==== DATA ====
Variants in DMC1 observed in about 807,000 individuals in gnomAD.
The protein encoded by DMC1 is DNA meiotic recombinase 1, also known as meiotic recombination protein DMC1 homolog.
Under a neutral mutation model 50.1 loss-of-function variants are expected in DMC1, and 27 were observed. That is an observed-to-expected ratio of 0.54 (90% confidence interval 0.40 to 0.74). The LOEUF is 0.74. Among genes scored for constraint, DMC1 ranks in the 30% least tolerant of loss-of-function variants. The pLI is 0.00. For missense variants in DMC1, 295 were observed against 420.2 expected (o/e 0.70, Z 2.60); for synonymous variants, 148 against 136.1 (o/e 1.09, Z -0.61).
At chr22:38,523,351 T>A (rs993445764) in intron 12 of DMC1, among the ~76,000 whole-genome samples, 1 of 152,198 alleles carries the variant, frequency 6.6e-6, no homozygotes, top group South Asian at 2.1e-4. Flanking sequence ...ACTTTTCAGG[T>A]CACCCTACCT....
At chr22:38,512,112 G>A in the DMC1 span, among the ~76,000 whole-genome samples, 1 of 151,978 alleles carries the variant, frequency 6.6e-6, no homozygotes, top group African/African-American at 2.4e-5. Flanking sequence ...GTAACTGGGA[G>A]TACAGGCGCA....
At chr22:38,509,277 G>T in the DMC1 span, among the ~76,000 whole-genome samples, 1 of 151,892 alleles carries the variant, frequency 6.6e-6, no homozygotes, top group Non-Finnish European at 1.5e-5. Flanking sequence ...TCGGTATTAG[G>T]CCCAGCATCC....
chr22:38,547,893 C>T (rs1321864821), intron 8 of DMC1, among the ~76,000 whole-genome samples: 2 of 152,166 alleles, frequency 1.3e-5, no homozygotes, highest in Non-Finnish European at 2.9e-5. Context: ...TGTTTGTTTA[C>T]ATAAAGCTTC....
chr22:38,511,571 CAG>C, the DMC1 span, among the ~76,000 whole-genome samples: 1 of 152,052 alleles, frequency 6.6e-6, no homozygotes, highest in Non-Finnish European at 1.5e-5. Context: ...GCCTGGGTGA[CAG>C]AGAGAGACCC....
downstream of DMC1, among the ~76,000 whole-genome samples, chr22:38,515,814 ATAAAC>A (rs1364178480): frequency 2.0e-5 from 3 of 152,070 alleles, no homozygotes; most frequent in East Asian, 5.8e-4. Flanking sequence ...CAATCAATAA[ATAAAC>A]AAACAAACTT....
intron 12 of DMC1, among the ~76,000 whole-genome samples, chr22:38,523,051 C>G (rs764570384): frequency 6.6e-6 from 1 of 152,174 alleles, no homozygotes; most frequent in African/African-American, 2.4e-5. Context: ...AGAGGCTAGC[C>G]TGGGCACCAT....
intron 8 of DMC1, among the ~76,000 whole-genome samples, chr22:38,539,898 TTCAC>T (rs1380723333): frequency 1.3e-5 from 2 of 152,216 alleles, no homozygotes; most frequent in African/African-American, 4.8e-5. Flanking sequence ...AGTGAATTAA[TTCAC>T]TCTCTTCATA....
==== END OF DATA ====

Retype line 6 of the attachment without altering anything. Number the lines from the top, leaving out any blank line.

At chr22:38,509,277 G>T in the DMC1 span, among the ~76,000 whole-genome samples, 1 of 151,892 alleles carries the variant, frequency 6.6e-6, no homozygotes, top group Non-Finnish European at 1.5e-5. Flanking sequence ...TCGGTATTAG[G>T]CCCAGCATCC....